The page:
Like his stature, Timmy likes his deals short: San Francisco's Tim Lincecum tells the San Francisco Chronicle that he doesn't want to sign a long-term deal that would buy out his future free-agent years. Lincecum is eligible for free agency after the 2013 season.
Master storyteller: One of the great joys of this job is to meet some of the great personalities in this game. With broadcasters, most of their best stories come off the air -- and nobody has more and better stories than Vin Scully. Check out this story about Scully and Don Zimmer. [Los Angeles Times]
See you in San Jose?: Could the A's be the biggest beneficiary of the change in Giants ownership? They could be, and Mark Purdy, who broke the initial story, explains. [San Jose Mercury News]
Ichiro not ichi?: Ichiro Suzuki will likely have his streak of 10 years with at least 200 hits broken this week, and next year he may not be leading off. Mariners manager Eric Wedge is not committing to Ichiro batting in his customary leadoff spot next season. [Seattle Times]
MVP improves: Last year's NL MVP, Joey Votto, says he did "more with less" this season than he did in 2010 when he won the league's MVP. Looking at his numbers -- and the absence of Scott Rolen in the lineup -- it's tough to disagree. If I had any quibble is it'd be that he did about the same with less. Either way, Votto was impressive and has established himself as one of the game's best. [MLB.com]
Oswalt not done: Although the 33-year-old Roy Oswalt had hinted at his retirement, his agent now says he's not considering hanging them up after this season. It may have something to do with Oswalt looking around at the weak free agent pitching market and seeing he'll get paid. [MLB.com]Porter interviewing again: If the Marlins were dating, they'd just about have to put out for Bo Porter by now. The Nationals' first-base coach is scheduled to interview for the Marlins' manager job soon, the Washington Post reports. Porter interviewed midseason last season when the team fired Fredi Gonzalez and then again after the season. Porter is among the candidates to take over in Washington, too, MLB.com reports.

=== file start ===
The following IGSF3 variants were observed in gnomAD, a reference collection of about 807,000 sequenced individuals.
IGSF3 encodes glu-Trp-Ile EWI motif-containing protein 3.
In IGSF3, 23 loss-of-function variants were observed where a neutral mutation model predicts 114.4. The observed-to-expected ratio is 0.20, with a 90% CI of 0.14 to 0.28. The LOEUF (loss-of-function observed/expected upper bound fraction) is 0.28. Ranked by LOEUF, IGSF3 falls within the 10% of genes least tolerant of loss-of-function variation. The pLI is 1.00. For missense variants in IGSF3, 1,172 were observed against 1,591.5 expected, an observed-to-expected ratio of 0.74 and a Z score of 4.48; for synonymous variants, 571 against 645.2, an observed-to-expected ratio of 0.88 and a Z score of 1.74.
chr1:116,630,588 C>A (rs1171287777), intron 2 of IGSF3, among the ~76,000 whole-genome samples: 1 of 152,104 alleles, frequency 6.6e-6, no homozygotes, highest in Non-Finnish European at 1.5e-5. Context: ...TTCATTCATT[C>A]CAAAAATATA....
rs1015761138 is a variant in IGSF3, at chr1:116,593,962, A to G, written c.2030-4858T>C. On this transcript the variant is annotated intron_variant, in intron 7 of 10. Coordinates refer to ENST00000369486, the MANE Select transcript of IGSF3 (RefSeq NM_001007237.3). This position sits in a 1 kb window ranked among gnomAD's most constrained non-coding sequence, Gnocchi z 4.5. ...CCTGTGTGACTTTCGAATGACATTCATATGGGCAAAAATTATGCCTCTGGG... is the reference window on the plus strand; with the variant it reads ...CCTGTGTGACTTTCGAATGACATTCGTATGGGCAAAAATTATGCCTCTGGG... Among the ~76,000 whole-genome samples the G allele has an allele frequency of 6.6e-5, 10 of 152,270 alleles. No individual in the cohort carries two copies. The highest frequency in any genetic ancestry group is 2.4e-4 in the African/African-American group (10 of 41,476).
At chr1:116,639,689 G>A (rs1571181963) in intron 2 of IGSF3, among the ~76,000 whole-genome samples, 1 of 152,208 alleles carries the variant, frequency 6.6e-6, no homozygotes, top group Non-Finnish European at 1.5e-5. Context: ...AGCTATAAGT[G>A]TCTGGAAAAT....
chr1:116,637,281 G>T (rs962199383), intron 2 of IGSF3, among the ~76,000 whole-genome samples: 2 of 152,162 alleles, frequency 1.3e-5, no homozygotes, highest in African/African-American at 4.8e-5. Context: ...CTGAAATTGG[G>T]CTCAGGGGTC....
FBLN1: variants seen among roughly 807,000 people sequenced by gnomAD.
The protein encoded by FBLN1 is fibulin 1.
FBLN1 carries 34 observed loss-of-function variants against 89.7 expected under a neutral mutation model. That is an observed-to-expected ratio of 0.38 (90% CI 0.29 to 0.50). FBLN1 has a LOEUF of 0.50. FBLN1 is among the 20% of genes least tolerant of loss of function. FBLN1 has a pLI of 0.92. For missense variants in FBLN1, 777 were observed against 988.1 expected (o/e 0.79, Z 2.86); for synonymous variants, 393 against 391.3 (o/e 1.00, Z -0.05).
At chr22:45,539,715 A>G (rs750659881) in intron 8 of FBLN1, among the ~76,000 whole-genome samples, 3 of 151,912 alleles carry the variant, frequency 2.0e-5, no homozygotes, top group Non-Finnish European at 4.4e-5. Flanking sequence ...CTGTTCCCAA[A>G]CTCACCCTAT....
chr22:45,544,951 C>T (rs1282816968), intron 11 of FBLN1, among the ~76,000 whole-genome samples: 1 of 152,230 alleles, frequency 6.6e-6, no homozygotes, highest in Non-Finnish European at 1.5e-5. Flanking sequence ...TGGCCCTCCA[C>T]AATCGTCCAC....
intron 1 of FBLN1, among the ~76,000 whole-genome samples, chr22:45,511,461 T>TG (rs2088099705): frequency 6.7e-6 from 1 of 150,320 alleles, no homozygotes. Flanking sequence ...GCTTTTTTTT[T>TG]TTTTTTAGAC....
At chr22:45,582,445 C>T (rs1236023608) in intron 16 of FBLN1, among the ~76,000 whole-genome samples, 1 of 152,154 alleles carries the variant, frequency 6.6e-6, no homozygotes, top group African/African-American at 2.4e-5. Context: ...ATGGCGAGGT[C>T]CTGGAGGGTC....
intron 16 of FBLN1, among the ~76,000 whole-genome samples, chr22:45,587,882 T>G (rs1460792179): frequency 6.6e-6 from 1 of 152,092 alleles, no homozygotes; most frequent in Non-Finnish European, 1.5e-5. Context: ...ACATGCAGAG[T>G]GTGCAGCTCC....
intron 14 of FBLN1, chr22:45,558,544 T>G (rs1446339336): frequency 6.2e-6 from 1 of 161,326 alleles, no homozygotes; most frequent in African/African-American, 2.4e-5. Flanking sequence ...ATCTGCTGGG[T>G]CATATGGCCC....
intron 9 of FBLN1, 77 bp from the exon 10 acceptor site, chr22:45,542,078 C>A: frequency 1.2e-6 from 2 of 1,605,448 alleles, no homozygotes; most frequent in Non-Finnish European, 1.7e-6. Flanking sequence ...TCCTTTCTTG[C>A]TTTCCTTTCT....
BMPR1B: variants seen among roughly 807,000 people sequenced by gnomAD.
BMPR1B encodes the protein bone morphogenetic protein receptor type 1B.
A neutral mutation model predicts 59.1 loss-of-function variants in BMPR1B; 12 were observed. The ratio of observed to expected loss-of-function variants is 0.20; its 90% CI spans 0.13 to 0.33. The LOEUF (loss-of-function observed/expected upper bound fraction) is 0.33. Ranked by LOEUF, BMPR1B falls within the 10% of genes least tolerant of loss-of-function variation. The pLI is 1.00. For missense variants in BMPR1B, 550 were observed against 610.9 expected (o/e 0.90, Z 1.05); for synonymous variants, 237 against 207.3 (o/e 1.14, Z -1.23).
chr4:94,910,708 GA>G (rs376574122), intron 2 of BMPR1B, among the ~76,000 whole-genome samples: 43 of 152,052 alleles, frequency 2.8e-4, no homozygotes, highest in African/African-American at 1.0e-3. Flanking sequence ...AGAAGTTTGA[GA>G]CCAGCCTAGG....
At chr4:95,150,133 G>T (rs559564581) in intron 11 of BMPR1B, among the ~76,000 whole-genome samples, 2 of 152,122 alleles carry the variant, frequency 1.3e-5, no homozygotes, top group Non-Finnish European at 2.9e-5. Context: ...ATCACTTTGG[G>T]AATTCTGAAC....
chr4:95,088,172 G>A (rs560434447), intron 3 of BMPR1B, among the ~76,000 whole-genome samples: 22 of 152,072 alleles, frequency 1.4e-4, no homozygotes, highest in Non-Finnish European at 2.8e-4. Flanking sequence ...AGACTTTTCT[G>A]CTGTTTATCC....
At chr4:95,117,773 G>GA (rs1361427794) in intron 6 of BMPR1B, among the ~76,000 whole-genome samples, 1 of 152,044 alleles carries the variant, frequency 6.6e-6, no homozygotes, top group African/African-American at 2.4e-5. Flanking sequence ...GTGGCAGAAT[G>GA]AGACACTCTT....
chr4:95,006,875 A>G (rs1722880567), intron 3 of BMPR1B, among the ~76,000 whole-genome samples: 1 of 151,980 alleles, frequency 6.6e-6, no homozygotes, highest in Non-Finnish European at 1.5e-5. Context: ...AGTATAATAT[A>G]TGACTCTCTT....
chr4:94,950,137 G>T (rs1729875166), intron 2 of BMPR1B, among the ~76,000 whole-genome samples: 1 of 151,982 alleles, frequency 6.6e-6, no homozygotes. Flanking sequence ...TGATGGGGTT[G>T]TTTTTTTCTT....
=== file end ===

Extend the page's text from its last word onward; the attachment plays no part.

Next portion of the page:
NL dreaming: White Sox starter Mark Buehrle says he's intrigued by the thought of pitching in a new league. Buehrle lives near St. Louis and has mentioned that he'd like to pitch for the Cardinals. Add him to Chris Carpenter, Adam Wainwright and Jaime Garcia and you'd have a pretty good rotation. Of course, the Cardinals do have other financial concerns this offseason. How about Cincinnati? It's a little longer drive to his home, but the Reds rotation could certainly use the veteran. [MLB.com]
Celebrate good times: The Astros announced their plans to celebrate their 50th anniversary season in 2012 with six different throwback uniforms they'll use next season -- including the famous rainbow jersey, one of the best in the history of the game. [MLB.com]For more baseball news, rumors and analysis, follow @eyeonbaseball on Twitter or subscribe to the RSS feed.
Tags: AL Central, AL East, AL West, Albert Pujols, Andre Ethier, Astros, Athletics, Bo Porter, Brewers, C. Trent Rosecrans, Derek Jeter, Don Zimmer, Giants, Joey Votto, John Axford, Jose Reyes, Mark Buehrle, Marlins, Matt Kemp, Nationals, NL Central, NL Central, NL East, NL West, Pepper, Phillies, Pirates, Reds, Robinson Cano, Roy Oswalt, Ryan Braun, Ryan Howard, Scott Rolen, Tim Lincecum, Vin Scully, White Sox, Yankees
Posted on: September 2, 2011 11:50 am
Edited on: September 2, 2011 12:25 pm
By Evan Brunell
Baseball needs to speed up its games.
This is nothing new you're hearing. There are plenty of articles penned each season about this, especially every time the Yankees and Red Sox meet, doing their best to finish their games only after the West Coast completes theirs. With far too much regularity, you can bank on a Sox-Yanks game going four hours or more, which was the case Thursday night. Despite just six runs crossing the plate, it took 4:21 for New York to defeat Boston. And Josh Beckett wasn't even pitching, a man who took as much as 45 seconds to throw a pitch on Wednesday against New York.
Pace of game is a topic that has long bedeviled those in the game, and Sandy Alderson worked on the issue for years when he worked for MLB. And yet, the answer is staring everyone in the face. It's right there in the rule book. Prior to the 2007 season, MLB introduced a series of rule changes, which included:
Time between pitches: The allotment for delivering the ball with no one on base has been reduced, from 20 seconds to 12. The price for each violation is a ball.
Why the heck does baseball refuse to enforce this? It's not an issue of the players' association being unhappy. It's already in the rulebook, so the MLBPA doesn't have a valid complaint. And yet, it's a rule in name only -- umpires don't even bother to attempt to enforce it, except for isolated incidents every now and then that draw startled glances.
Rob Neyer at SB Nation thinks he knows why.
It's a valid point, as anyone whose ever had a teenage child can tell you. (And if you haven't, well... just think back to how you made your father lose his hair early.)